Wednesday, October 7, 2009

A Morning Quickie!

Getting this one out as I'm running out the door this morning!!!

>>>I have been looking for a maybe early '60's tune called Angelico.I don't know who wrote it or who sang it, A Peter Maffay does a German version but I remember hearing it in English as a kid. Any help on this forgotten hit? I have asked and asked and so far haven't even gotten a reply. (Bill)

>>>A quick check of Joel Whitburn's Top Pop Singles book came up empty ... maybe somebody else on the list recalls this one??? (kk)
Is Bill thinking of "Angelica"? That song was written by Barry Mann & Cynthia Weil and originally released as a Capitol single by Mann in 1966 (it Bubbled Under in Billboard at #111, but peaked at #96 in Cash Box). In the next five years, there were at least 10 other single releases of the song, the most notable by Oliver on Crewe Records in 1970 (his version peaked at #97 in Billboard, #84 in Cash Box and #73 in Record World). Some of the other artists who released single versions in that period were Barry Gordon (Dunhill), Johnny Crawford (Sidewalk), Wayne Newton (MGM) and Ed Ames (RCA Victor).-- Randy Price

Bill, could your song be "Angelica" by Oliver (Swofford) from 1970? It was his 45 followup to "Sunday Morning".
Clark Besch
I've included both the Barry Mann version AND the Oliver version for consideration. I can honestly say that I've never heard EITHER of these before! (kk)

Hey Kent,
How about Bud & Travis on their "Best Of" release?
Guy Arnston in Algonquin
A few options here for Bill to choose from ... perhaps now that we've shared a couple of these tracks with him, he'll recognize the one he's been looking for ... and we'll have solved yet another Musical Mystery here in Forgotten Hits!!! (Get back to us, Bill!!!) kk

I LOVE a mystery. I have come up with two possibilities in Bill's search for Angelico.
1. Angelito. Rene and Rene on Columbia from the summer of 1964.
2. Angelica. Original version by its songwriter Barry Mann on Capitol in the summer of 1966. Cover versions by Johnny Crawford on Sidewalk, Oliver on Crewe, and the Sandpipers lp cut from their Guantanama album on A&M. The Barry Mann version has always been one of my FAVORITE records of all time and only took me 20 years to get it (thanks to a great friend from NYC I met in the oldies chat room. Thanks David!)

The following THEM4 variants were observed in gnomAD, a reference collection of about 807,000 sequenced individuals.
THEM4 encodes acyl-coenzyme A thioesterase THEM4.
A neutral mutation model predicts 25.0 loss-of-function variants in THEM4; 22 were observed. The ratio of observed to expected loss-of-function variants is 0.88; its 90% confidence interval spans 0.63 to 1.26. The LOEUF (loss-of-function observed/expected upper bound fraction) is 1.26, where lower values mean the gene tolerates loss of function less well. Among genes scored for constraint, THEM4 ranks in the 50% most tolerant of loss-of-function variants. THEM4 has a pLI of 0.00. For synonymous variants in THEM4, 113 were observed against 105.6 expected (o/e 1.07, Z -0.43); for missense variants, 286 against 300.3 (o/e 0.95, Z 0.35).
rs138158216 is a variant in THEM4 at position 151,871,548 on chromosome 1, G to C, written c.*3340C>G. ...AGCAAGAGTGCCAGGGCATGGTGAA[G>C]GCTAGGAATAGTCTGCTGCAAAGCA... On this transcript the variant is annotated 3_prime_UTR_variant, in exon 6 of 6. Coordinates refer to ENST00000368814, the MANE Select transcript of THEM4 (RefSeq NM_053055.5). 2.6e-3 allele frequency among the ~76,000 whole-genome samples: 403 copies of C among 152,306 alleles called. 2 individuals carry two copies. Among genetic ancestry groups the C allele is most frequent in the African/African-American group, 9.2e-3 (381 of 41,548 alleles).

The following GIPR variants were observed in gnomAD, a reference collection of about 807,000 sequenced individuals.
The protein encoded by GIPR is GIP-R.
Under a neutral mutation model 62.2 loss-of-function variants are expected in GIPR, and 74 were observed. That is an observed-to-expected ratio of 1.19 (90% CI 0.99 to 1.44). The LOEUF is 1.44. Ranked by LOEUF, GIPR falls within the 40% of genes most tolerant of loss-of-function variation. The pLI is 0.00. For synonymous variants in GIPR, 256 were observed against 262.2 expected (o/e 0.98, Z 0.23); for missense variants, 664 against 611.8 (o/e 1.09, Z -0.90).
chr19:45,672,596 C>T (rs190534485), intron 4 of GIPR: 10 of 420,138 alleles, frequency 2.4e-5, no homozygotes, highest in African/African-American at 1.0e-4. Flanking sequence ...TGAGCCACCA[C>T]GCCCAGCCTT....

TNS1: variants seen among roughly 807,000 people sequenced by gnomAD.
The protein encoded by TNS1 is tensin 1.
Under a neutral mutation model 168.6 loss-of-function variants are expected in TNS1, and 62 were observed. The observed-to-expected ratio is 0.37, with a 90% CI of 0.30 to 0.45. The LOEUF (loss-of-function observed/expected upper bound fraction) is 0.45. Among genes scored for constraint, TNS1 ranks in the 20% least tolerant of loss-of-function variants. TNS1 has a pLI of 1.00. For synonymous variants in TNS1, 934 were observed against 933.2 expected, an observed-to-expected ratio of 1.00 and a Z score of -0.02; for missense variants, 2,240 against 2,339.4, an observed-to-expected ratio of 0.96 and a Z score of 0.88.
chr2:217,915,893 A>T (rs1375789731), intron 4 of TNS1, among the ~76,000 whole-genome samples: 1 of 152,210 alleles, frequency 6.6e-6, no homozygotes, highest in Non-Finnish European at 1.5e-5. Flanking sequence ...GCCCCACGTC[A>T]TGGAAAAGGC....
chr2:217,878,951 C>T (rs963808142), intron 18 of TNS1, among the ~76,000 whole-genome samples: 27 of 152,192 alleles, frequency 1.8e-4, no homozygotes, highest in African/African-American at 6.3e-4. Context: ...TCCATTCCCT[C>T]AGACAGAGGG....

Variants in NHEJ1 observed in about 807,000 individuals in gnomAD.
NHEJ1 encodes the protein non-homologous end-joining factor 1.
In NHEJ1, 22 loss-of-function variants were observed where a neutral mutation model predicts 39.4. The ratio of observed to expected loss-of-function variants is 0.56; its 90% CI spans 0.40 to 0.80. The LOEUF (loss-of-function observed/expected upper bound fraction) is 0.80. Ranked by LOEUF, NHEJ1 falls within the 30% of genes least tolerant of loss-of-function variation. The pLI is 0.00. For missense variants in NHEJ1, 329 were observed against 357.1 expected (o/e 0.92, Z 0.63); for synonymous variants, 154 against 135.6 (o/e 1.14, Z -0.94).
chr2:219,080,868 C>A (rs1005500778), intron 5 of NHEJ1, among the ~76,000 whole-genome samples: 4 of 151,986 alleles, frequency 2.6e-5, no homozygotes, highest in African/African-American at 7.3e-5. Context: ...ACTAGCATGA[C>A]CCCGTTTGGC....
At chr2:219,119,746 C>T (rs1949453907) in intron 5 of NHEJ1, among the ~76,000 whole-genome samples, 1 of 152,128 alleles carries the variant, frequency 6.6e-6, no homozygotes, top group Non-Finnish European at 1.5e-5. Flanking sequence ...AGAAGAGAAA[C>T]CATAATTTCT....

OK, Bill, we've given you ALL kinds of choices here ... now you've just GOT to get back to us and tell us which one it is!!! (kk)

>>>Would LOVE to hear the complete versions of "Make A Date With The Watergate" and "Press My Conference" again if you've got 'em to share!!! (kk)Kent,
Look no further than the "WLS only" CDs I gave you.
Ed Erxleben

Thanks, Ed ... hadn't even thought of that! Both songs are featured (along with the WLS / John "Records" Landecker jingle) below! (kk)

I'm looking for an instrumental called "Margo" done by a group called The Larks. It came out in late1962 or 1963. I've been trying to find it for years with no success. Can you or someone help me out? I'd love to have a copy of it.
OK, let's see how we do on THIS one!!! Anybody? Buehler??? Buehler??? (kk)

... and, speaking of instrumentals ...

>>>I've considered DOING a list of instrumental favorites ... it'd be interesting to see how the charts compare. Are you guys up for that??? (kk)
David Lewis

Let's see what kind of response (if any) we get on this topic! (kk)

Wait ... here comes one now!!! (lol)

Hey Kent,
I like that idea of a list of favorite instrumentals.
One of my personal favorites has always been K-Jee by The Nite-Liters and it's remake by MFSB from the Saturday Night Fever soundtrack wasn't bad either. Not a big hit in either version, but good instrumentals nonetheless!! Others would include Keem-O-Sabe - Electric Indian, Red River Rock - Johnny & the Hurricanes, Soulful Strut - Young-Holt Unlimited, Scorpio, Taurus - Dennis Coffey, Also Sprach Zarathustra - Deodato, The Horse - Cliff Nobles & Co., Space Race - Billy Preston and so many others!!